If you love photography, you will enjoy watching this 30 minute documentary about the last roll of Kodachrome ever developed.
Back in 2009, Kodak announced that its production of Kodachrome film would end, after 74 years (it started in 1935). Steve McCurry, a legendary photographer for National Geographic, asked Kodak if they would allow him to use the final roll ever produced. As he says in the documentary:
“I wanted to have the last chapter in the book of Kodachrome.”
Given his fame, Kodak accepted with great enthusiasm.
I had the chance to see one of the many exhibitions about Steve McCurry in Birmingham two years ago, and he is without a doubt one of my favourite photographers.
National Geographic seized the opportunity and documented the work of McCurry with this last roll. The result is a documentary that shows the end of an era but also a comparison between past and present photography. McCurry worked with both digital and film during this adventure, and its approach is very inspiring because McCurry shows the advantages of digital and film while teaching us a lesson about how important it is to observe the world around you and look for the perfect shot before taking a picture. The fact that McCurry only had 36 shots to work with made him selective about the scenes and people he captured on film, even though he had a digital camera at his disposal. (He mostly used it to prepare the master shot to be taken with the Kodachrome film.)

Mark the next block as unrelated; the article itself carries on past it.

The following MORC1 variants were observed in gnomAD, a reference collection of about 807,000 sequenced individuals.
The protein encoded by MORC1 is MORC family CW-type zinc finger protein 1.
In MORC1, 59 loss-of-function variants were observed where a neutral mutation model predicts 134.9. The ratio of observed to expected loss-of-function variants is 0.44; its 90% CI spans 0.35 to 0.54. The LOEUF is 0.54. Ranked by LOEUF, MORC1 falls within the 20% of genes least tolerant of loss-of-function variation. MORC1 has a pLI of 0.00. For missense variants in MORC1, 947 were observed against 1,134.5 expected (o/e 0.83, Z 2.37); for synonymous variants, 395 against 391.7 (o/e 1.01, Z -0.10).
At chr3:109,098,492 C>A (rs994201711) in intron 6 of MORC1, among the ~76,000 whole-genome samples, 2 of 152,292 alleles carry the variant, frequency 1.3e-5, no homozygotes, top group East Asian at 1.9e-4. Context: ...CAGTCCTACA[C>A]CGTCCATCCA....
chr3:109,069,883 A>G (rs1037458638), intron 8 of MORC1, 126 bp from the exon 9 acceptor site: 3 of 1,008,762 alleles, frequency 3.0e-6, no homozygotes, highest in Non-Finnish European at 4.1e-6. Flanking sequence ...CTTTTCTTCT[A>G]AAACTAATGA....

The photos were processed in 2010 by the only lab which still developed Kodachrome at the time, the Dwayne’s Photo Service in Parsons, Kansas. The lab ceased processing Kodachrome at the end of the same year.
Speaking of Kodak, today I just read a piece of news about a new mirrorless camera project involving Kodak. There aren’t any details yet but according to Mirrorless Rumors‘ sources, it has been confirmed. This could be a great come back for Kodak and makes the Nat Geo video even more interesting.
Below you can watch the National Geocgraphic documentary, which was just released two days ago. If you want to see the 36 shots of the last roll of Kodachrome film, you can find them on Steve McCurry’s website here.